Warning issued ahead of total solar eclipse

Here is everything you need to know about the upcoming solar eclipse. Images: Stock/Canva

Warning issued ahead of total solar eclipse

The upcoming solar eclipse also comes with a growing number of safety warnings. Here is everything you need to know.

Warning issued ahead of total solar eclipse

Here is everything you need to know about the upcoming solar eclipse. Images: Stock/Canva

As exciting and fun as it promises, the upcoming solar eclipse also comes with several safety warnings—both for what will happen in the sky and on the ground.

What is a total solar eclipse? 

On 8 April, the world will be treated to a solar eclipse.

Solar eclipses occur when the Earth positions itself between the sun and the moon and casts a shadow across the moon’s surface. They can only occur during a full moon and make for an interesting skywatching target. 

Will you be able to view the eclipse from South Africa? 

Time and Date said lunar eclipses on 8 April can be visible from everywhere on the night side of the Earth if the sky is clear. 

The entire eclipse will be visible from some places, while in others, the moon will rise or set during the solar eclipse.

Three types of lunar eclipses occur depending on the alignment of the sun, Earth, and moon at the time of the event:

  1. During a total lunar eclipse, Earth casts its shadow across the entire lunar surface.
  2. Partial lunar eclipse: During a partial lunar eclipse, only part of the moon enters Earth’s shadow, which may look like it is taking a “bite” out of the lunar surface. Earth’s shadow will appear dark on the side of the moon facing Earth. How much of a “bite” we see depends on how the sun, Earth and moon align, according to NASA.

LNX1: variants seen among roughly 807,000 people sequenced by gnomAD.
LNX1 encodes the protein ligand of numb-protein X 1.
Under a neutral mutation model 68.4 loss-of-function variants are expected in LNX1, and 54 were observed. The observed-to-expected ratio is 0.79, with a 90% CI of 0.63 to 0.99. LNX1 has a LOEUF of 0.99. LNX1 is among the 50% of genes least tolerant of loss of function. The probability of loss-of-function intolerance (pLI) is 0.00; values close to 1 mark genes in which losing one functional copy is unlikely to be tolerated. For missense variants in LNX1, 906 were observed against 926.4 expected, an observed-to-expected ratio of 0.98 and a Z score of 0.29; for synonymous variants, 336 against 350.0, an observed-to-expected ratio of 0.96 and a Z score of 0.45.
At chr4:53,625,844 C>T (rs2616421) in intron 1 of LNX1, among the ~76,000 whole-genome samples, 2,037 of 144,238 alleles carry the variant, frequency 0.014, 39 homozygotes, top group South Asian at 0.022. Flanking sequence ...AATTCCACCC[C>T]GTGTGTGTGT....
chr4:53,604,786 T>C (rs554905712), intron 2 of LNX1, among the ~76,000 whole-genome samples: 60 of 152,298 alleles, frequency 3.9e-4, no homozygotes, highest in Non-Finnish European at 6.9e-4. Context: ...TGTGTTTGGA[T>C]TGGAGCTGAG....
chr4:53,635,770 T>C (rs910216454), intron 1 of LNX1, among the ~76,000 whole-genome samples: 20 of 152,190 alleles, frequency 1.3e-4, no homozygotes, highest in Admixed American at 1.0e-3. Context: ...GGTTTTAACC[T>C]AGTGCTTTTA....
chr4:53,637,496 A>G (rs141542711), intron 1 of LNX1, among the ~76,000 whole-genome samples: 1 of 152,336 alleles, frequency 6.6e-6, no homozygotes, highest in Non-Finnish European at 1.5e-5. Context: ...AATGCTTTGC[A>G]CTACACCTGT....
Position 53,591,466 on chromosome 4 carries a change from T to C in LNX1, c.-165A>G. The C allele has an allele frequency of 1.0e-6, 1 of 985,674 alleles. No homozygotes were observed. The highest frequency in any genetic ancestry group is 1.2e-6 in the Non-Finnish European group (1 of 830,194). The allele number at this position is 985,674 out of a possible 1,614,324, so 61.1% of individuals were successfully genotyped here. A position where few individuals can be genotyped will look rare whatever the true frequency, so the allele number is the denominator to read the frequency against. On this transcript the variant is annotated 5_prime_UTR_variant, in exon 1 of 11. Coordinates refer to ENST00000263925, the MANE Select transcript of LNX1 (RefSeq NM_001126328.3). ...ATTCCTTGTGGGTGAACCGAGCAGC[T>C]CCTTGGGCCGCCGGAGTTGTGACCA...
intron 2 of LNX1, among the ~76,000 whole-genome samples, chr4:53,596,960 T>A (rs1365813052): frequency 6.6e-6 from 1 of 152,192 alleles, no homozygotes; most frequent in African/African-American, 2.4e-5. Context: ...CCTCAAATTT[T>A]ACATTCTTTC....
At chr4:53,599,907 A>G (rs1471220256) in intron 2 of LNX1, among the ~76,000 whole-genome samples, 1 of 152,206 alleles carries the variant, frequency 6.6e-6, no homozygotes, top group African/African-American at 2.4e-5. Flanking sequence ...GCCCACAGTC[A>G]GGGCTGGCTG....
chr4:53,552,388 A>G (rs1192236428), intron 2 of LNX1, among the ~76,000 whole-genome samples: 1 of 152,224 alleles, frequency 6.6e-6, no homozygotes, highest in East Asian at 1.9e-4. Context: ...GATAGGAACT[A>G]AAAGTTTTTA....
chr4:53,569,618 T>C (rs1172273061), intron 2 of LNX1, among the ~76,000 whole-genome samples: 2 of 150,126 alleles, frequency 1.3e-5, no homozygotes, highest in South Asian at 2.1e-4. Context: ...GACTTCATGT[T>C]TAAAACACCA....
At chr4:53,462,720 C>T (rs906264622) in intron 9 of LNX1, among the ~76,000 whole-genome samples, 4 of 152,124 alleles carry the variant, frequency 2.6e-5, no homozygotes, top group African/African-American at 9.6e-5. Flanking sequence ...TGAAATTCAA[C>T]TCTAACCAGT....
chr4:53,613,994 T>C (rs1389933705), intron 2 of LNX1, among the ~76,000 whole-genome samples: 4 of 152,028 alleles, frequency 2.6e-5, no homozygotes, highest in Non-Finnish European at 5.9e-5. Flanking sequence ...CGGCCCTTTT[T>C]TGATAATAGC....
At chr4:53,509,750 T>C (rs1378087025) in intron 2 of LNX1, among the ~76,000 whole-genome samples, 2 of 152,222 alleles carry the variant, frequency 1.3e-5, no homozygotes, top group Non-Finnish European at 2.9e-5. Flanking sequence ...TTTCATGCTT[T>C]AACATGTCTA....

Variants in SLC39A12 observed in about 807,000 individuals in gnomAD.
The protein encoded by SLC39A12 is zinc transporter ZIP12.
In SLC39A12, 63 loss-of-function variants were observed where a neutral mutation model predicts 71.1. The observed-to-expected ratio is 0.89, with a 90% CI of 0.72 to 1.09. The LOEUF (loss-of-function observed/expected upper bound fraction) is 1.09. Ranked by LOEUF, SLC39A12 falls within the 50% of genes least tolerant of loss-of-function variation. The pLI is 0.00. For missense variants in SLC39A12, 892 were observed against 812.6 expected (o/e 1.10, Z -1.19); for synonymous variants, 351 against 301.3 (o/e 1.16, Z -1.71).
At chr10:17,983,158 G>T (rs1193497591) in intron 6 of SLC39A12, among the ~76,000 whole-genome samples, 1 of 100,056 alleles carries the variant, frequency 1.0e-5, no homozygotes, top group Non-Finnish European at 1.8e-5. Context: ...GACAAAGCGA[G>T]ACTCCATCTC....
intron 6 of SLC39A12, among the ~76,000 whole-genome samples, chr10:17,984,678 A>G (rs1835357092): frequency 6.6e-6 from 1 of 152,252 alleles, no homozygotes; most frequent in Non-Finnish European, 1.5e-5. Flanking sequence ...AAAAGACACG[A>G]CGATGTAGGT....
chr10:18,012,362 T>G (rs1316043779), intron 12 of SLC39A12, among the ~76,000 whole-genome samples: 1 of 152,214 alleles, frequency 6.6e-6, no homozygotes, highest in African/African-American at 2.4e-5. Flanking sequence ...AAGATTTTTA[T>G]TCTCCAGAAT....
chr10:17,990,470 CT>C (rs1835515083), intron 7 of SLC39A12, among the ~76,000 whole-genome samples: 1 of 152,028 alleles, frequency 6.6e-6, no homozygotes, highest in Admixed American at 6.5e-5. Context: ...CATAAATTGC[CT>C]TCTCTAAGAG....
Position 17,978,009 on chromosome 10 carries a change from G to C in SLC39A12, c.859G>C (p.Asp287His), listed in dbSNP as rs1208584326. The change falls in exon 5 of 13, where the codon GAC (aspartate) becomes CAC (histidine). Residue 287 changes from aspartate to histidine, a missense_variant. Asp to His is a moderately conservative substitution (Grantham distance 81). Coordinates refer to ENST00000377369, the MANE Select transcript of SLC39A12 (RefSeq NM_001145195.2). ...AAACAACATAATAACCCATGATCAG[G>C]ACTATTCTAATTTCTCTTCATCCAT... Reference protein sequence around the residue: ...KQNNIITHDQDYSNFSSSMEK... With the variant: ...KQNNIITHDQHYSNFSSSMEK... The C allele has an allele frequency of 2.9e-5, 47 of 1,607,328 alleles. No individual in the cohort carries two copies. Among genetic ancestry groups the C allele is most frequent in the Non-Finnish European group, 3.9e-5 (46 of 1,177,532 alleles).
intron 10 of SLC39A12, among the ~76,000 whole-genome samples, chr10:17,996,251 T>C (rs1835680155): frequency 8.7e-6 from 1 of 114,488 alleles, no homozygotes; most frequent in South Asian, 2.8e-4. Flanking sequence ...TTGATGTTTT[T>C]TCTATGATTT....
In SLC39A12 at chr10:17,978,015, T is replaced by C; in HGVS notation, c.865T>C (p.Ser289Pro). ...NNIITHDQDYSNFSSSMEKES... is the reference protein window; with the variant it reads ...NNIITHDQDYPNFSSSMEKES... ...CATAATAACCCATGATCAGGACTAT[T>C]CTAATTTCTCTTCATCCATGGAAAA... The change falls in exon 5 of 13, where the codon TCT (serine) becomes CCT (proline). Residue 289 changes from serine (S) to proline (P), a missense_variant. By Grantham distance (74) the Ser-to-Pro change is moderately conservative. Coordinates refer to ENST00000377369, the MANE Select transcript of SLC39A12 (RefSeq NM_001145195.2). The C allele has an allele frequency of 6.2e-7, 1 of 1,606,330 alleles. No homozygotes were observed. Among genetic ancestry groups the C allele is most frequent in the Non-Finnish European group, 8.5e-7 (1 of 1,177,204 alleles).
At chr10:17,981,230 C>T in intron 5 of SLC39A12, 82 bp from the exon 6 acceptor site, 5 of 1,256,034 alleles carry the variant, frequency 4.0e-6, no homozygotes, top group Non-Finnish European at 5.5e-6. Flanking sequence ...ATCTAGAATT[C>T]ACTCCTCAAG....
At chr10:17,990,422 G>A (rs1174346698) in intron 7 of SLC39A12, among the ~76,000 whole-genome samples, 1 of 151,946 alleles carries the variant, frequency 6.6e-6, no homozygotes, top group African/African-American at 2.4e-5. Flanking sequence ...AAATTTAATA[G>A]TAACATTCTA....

3. During a penumbral lunar eclipse, Earth’s faint outer shadow is cast across the lunar surface. This type of eclipse is not as dramatic as the other two and can be difficult to see.    

What warnings are in place for the eclipse? 

Several states and some Texas counties that will be in the path of totality during the April solar eclipse have issued warnings and state of emergencies ahead of the event. 

Thus far, several counties in Texas have issued official declarations, while the states of Oklahoma, Indiana, Ohio, Missouri, New York, and Kentucky have alerted residents to be prepared ahead of the upcoming eclipse.

Several counties in Kentucky are even opting to close school for the day, according to a FOX 56 News report. 

Authorities have advised residents living in areas expected to experience high traffic during the eclipse to stock up on food, gas, and other essential supplies in preparation for an influx of visitors coming to witness the once-in-a-lifetime event.


  • It’s important to never look directly at the sun as it can permanently damage your eyes.
  • Sunglasses do not offer sufficient protection either, so if you want to view the eclipse, ask your parents or an adult you trust about special protective eclipse glasses – although at the moment, these are quite expensive to buy online.
  • Another option to see the eclipse without looking directly at the sun is creating a pin-hole projector.
  • To make one, poke a small hole into a piece of card. Hold the card up to the sun so that light shines through the hole and onto a piece of paper behind the card.
  • You will be able to see the shape of the sun projected on to the piece of paper and watch its shape change as the moon passes in front of the sun.


Eclipse chasers might catch one in 2026 in Greenland, Iceland and Spain; 2027 along the coast of Northern Africa; 2028 in Australia and New Zealand; or 2030 across Southern Africa and Australia.

Meanwhile, South Africans saw the Snow Moon or the Dassie Moon.

It also earns the distinction of being the smallest moon of the year, known as a micromoon, which stands in contrast to a supermoon.